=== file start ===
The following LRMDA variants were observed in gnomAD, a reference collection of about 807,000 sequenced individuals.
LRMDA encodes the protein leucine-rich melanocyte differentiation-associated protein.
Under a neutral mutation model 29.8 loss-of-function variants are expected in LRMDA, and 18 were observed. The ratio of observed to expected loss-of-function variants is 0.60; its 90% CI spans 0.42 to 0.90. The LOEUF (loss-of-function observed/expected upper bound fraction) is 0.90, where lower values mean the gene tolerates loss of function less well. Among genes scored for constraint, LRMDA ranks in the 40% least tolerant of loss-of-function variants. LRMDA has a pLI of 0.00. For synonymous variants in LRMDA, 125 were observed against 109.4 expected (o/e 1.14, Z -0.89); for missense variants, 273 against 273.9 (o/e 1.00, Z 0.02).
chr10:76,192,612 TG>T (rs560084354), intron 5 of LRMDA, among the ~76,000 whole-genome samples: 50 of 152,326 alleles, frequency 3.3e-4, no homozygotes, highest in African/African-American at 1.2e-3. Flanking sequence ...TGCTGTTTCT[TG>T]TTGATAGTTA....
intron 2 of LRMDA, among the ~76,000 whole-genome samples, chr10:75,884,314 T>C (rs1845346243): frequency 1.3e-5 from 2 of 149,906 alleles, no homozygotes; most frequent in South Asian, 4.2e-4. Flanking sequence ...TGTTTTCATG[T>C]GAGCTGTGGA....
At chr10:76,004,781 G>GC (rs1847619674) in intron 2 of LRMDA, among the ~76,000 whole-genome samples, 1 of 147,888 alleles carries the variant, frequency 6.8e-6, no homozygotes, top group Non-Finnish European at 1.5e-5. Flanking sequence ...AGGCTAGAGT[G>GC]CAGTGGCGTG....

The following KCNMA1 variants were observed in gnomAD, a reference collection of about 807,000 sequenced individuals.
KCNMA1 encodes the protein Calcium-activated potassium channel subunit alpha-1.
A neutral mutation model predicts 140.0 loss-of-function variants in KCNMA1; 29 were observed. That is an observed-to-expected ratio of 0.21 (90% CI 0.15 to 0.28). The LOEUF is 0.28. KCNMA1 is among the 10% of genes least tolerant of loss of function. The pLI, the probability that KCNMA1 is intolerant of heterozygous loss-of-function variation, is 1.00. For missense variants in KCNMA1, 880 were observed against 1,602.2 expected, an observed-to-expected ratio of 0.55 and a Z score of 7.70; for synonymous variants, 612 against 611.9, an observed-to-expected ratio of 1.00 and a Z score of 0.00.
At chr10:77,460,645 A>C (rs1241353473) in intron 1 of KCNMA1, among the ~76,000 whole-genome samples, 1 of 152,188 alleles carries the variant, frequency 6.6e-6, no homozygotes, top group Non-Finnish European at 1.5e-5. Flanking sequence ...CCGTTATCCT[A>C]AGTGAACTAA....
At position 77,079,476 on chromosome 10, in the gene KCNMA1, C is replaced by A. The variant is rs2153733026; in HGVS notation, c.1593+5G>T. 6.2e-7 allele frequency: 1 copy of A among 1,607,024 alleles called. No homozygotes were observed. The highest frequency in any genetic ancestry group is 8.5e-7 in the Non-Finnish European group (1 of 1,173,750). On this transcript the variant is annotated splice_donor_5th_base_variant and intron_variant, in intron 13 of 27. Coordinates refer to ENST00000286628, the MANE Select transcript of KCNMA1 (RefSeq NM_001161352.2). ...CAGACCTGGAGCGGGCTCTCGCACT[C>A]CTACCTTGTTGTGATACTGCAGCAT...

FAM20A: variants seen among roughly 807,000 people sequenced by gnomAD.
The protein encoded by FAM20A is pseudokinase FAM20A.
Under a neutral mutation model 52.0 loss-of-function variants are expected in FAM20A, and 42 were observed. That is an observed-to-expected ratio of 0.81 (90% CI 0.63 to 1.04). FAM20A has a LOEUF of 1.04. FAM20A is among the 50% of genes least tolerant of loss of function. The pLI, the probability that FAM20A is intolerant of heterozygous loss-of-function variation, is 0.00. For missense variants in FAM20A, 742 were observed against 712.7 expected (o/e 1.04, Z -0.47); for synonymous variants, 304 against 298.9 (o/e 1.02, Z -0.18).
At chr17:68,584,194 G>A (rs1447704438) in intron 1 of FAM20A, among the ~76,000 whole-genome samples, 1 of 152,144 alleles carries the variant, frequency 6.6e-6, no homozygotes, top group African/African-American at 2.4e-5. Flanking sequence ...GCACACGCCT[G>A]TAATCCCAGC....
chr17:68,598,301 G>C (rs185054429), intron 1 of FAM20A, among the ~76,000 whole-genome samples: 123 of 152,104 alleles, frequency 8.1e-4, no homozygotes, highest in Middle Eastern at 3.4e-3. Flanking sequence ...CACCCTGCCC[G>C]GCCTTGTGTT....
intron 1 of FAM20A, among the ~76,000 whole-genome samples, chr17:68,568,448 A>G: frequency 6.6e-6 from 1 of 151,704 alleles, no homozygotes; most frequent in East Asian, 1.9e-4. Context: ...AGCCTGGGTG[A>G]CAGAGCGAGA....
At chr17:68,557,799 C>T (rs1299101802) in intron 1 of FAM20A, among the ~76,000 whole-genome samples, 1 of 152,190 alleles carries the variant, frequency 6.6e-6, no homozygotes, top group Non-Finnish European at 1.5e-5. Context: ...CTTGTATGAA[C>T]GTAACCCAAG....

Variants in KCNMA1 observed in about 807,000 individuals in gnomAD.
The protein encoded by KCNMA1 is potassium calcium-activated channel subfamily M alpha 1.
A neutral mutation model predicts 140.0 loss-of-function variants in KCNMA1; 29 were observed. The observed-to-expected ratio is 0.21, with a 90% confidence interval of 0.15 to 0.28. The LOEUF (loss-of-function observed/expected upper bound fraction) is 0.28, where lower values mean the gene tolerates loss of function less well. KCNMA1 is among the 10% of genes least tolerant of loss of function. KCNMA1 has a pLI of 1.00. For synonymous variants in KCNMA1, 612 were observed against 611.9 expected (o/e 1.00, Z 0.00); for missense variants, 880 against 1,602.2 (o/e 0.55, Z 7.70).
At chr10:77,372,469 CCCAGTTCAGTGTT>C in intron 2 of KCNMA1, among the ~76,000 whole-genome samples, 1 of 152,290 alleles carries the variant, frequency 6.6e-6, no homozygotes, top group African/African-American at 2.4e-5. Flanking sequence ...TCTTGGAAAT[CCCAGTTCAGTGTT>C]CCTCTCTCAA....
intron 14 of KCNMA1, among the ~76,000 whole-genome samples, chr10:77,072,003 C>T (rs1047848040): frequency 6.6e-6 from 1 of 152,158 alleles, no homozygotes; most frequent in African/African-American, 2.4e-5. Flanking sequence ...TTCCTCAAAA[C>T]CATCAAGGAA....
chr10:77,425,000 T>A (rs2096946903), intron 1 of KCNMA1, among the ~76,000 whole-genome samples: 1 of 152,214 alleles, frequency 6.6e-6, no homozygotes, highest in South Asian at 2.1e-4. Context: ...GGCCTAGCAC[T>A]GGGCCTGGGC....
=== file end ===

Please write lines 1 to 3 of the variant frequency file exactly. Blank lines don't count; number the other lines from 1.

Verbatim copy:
The following LRMDA variants were observed in gnomAD, a reference collection of about 807,000 sequenced individuals.
LRMDA encodes the protein leucine-rich melanocyte differentiation-associated protein.
Under a neutral mutation model 29.8 loss-of-function variants are expected in LRMDA, and 18 were observed. The ratio of observed to expected loss-of-function variants is 0.60; its 90% CI spans 0.42 to 0.90. The LOEUF (loss-of-function observed/expected upper bound fraction) is 0.90, where lower values mean the gene tolerates loss of function less well. Among genes scored for constraint, LRMDA ranks in the 40% least tolerant of loss-of-function variants. LRMDA has a pLI of 0.00. For synonymous variants in LRMDA, 125 were observed against 109.4 expected (o/e 1.14, Z -0.89); for missense variants, 273 against 273.9 (o/e 1.00, Z 0.02).